Black Belt Eagle Scout Draws Us Deeper Into Her Life with 'At the Party With My Brown Friends'
Black Belt Eagle Scout's sincere songwriting makes for an exquisite, intensely personal sophomore album.
At the Party With My Brown Friends
Black Belt Eagle Scout
30 August 2019
Black Belt Eagle Scout serves as an artistic moniker for Portland-based multi-instrumentalist and singer-songwriter Katherine Paul, but it's no mask. Nothing could be further from Paul's musical goals than the idea of hiding. On the 2018 re-release of her 2017 full-length debut Mother of My Children, Paul commanded attention by laying bare her feelings and integral facets of her identity as a queer, indigenous woman. Earlier this year, the "Loss & Relax" seven-inch helped to sustain that momentum with two heartstopping songs, the cathartic title track and calmer b-side "Half Colored Hair". Now, on At the Party With My Brown Friends, Paul draws us even deeper into her life with unassuming courage.
Even on a superficial level, Paul's music is lovely. Her voice, a profoundly versatile instrument, is refreshingly free of obvious affectation, sincerely emotive and naturally soothing. She centers her melodies around guitar lines, which tend toward mellifluous repetition until the breakout of the occasional electrifying solo. Percussion rolls in and out, a calm tide beset by fleeting storms. Paul is a master of artful understatement, capable of flowing without a hitch from smooth sailing into gale-force winds and pouring raw energy into songs of every tempo.
That energy is purely organic, as though the album has its own beating heart. Paul draws inspiration from within and without, channeling natural sounds of the Pacific Northwest and intensely personal experiences and with a delicate hand to express herself on levels both intellectual and visceral. What makes the opening track "At the Party" haunting is a combination of her atmospheric verbal depictions of alienation ("How is it you've suffered through this kind of love?") and wordless interstitial cries that escalate until the song's sudden end.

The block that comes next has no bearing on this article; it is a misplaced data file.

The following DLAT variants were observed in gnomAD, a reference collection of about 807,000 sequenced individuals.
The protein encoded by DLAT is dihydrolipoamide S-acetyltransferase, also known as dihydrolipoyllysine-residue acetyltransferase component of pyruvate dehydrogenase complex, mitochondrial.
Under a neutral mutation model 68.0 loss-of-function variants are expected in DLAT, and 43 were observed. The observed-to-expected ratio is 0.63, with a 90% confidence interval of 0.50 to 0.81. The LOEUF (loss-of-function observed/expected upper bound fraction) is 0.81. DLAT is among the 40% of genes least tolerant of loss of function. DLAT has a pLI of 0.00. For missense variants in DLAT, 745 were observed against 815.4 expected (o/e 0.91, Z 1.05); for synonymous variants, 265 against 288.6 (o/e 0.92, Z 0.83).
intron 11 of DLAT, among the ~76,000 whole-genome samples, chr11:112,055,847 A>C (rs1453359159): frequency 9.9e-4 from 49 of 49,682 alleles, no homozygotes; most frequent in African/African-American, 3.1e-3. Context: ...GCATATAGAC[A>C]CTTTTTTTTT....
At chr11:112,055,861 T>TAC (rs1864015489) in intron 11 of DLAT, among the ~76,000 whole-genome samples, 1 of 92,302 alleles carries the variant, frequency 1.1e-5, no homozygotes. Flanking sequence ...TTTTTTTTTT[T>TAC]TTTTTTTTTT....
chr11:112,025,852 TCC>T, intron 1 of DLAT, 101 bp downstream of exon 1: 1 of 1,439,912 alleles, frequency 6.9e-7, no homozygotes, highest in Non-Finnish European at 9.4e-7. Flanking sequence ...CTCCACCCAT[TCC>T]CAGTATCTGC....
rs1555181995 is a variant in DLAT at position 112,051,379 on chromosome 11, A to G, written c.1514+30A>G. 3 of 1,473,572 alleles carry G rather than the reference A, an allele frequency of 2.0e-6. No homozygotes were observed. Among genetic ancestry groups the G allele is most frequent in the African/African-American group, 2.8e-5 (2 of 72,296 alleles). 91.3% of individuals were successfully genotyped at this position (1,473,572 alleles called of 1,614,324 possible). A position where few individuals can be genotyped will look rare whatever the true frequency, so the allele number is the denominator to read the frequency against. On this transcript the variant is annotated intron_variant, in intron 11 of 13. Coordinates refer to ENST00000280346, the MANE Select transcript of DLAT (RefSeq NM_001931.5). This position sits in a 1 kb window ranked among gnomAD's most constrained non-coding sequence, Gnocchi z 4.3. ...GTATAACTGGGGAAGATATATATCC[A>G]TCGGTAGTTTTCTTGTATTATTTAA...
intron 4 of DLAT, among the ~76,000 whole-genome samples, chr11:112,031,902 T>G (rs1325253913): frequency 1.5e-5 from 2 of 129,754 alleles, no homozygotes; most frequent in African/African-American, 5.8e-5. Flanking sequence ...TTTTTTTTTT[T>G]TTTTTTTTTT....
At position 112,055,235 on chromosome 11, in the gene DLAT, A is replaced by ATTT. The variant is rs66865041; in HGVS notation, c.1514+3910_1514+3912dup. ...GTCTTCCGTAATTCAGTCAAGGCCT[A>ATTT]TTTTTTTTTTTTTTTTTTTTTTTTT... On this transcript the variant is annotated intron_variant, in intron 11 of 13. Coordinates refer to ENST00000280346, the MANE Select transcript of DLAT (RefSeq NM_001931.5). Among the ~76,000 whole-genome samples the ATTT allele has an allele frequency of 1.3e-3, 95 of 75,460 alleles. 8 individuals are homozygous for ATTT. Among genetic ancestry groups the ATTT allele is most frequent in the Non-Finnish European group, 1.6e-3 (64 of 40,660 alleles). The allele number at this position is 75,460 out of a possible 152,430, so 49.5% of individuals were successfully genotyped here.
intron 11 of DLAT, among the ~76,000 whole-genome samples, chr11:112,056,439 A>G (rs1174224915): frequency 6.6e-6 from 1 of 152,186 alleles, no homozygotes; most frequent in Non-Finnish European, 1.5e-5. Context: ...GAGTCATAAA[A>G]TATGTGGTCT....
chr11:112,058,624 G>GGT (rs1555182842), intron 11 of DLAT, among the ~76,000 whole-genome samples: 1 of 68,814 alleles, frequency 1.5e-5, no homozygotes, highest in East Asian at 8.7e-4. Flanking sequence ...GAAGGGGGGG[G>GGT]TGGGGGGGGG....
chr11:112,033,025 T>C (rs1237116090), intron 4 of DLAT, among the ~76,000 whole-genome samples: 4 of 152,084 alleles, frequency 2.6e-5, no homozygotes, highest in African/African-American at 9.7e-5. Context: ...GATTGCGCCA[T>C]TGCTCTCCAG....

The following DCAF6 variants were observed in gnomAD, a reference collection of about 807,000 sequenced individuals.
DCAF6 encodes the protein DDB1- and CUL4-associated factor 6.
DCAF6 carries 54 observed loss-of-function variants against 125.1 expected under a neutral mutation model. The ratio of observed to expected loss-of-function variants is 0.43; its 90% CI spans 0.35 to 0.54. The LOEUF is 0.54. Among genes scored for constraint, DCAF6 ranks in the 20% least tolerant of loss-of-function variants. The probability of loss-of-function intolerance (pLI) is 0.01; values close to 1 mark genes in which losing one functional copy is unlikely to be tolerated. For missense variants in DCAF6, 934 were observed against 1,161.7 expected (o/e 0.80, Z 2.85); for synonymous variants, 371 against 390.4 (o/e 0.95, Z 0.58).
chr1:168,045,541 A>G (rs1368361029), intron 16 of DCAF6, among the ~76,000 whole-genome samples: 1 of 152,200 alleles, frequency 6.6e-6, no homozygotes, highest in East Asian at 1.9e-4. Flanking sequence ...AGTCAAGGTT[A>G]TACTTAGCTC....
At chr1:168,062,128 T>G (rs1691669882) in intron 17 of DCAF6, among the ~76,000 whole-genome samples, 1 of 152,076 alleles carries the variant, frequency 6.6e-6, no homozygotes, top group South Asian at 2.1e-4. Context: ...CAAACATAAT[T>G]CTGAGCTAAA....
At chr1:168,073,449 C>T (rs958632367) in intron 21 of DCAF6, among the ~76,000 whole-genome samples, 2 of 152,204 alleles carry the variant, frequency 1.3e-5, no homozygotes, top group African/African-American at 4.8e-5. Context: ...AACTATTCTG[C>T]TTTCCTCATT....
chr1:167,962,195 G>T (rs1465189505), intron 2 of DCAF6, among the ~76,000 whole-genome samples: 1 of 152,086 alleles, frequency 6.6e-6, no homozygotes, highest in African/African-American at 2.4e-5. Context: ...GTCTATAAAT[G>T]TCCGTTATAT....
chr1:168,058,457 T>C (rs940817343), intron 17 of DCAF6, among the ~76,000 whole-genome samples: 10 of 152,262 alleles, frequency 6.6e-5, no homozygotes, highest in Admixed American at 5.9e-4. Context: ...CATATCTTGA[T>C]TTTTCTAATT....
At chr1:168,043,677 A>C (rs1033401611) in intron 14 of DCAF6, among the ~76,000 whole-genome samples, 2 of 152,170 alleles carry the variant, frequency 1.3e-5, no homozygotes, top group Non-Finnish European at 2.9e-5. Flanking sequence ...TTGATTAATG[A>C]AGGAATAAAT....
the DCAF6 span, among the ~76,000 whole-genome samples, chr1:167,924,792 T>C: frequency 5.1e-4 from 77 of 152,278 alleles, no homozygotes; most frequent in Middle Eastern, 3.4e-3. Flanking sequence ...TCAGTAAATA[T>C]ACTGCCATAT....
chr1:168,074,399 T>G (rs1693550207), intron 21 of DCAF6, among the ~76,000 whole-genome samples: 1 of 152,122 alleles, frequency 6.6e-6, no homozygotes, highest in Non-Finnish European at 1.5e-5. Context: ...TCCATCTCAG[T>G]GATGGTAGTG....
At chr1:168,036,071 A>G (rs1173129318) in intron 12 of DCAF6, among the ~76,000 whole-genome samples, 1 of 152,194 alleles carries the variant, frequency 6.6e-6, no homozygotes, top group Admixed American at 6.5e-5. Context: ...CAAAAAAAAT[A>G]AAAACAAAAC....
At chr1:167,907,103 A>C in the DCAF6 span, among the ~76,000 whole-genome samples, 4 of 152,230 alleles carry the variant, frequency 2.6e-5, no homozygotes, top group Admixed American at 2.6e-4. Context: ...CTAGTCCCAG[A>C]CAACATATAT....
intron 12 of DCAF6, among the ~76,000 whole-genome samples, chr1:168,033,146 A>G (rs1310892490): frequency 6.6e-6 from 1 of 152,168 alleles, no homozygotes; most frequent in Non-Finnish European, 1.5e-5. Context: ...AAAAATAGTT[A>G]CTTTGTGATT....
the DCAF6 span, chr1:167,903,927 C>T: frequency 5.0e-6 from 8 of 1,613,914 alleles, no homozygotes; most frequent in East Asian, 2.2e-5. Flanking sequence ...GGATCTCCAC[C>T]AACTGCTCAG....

What makes "My Heart Dreams" poignant is a careful mix of simple indie rock melody and lyrics that can barely contain their narrator's ecstasy. "You're my dream / I need you / Screaming loudly / Screaming softly, too." When seashore sounds open "Going to the Beach With Haley", a song that exchanges blissful verses with riotous instrumental interludes, it makes perfect sense. It fills in the gaps to paint an even fuller picture of the Black Belt Eagle Scout world where self and environment are inextricable.
As present as Paul is during each song, she also invokes touches of the past. Freer guitar lines overlay the main structures of songs like the sweetly enrapturing "Run It to Ya" and the infectious "I Said I Wouldn't Write This Song" with vestiges of 1990s-2000s post-grunge that's sharp-edged and catchy. Nostalgia takes on an even more personal form on the final track "You're Me and I'm You", an ode to Paul's mother that leaves me utterly verklempt every time. "I am the one / The one she loves / No matter what / My heart becomes."
There are no gimmicks to Black Belt Eagle Scout. Nothing on At the Party With My Brown Friends is perplexing or demands an unreasonable amount of analysis from its audience. Its depth comes from Katherine Paul's ability to convey her own worldview and all that entails, be it the romantic love she revels in on "Half Colored Hair" or the loss she mourns on "Scorpio Moon". To know Black Belt Eagle Scout's music is to connect with Katherine Paul, and as a person who identifies as one of a number of often marginalized communities. Particularly in the indie rock world, her voice is that much more essential in contributing to a more diverse musical scene. At the Party With My Brown Friends is another exquisite installation in what I sincerely hope and believe is a career that will only continue to blossom.